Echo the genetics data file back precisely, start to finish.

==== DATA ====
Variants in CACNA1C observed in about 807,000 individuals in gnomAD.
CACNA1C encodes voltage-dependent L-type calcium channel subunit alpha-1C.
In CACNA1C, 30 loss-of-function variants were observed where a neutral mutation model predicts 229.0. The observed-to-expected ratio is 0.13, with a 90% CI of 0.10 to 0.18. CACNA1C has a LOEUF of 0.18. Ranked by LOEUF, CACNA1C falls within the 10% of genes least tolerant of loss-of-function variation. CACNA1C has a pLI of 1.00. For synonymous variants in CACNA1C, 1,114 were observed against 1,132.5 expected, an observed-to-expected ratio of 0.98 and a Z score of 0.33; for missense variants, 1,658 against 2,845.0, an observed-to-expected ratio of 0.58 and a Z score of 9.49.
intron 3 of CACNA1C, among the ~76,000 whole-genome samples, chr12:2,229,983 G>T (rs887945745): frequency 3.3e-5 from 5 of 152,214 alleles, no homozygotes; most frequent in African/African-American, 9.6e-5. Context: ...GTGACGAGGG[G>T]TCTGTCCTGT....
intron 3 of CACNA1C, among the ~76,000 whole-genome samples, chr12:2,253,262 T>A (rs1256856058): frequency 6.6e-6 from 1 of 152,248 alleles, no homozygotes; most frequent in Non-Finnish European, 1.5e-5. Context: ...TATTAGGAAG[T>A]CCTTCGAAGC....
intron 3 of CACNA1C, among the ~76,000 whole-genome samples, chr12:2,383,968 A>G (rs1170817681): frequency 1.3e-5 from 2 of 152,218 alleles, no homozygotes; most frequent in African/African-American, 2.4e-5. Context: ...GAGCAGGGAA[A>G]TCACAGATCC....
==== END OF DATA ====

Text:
Variants in CACNA1C observed in about 807,000 individuals in gnomAD.
CACNA1C encodes voltage-dependent L-type calcium channel subunit alpha-1C.
In CACNA1C, 30 loss-of-function variants were observed where a neutral mutation model predicts 229.0. The observed-to-expected ratio is 0.13, with a 90% CI of 0.10 to 0.18. CACNA1C has a LOEUF of 0.18. Ranked by LOEUF, CACNA1C falls within the 10% of genes least tolerant of loss-of-function variation. CACNA1C has a pLI of 1.00. For synonymous variants in CACNA1C, 1,114 were observed against 1,132.5 expected, an observed-to-expected ratio of 0.98 and a Z score of 0.33; for missense variants, 1,658 against 2,845.0, an observed-to-expected ratio of 0.58 and a Z score of 9.49.
intron 3 of CACNA1C, among the ~76,000 whole-genome samples, chr12:2,229,983 G>T (rs887945745): frequency 3.3e-5 from 5 of 152,214 alleles, no homozygotes; most frequent in African/African-American, 9.6e-5. Context: ...GTGACGAGGG[G>T]TCTGTCCTGT....
intron 3 of CACNA1C, among the ~76,000 whole-genome samples, chr12:2,253,262 T>A (rs1256856058): frequency 6.6e-6 from 1 of 152,248 alleles, no homozygotes; most frequent in Non-Finnish European, 1.5e-5. Context: ...TATTAGGAAG[T>A]CCTTCGAAGC....
intron 3 of CACNA1C, among the ~76,000 whole-genome samples, chr12:2,383,968 A>G (rs1170817681): frequency 1.3e-5 from 2 of 152,218 alleles, no homozygotes; most frequent in African/African-American, 2.4e-5. Context: ...GAGCAGGGAA[A>G]TCACAGATCC....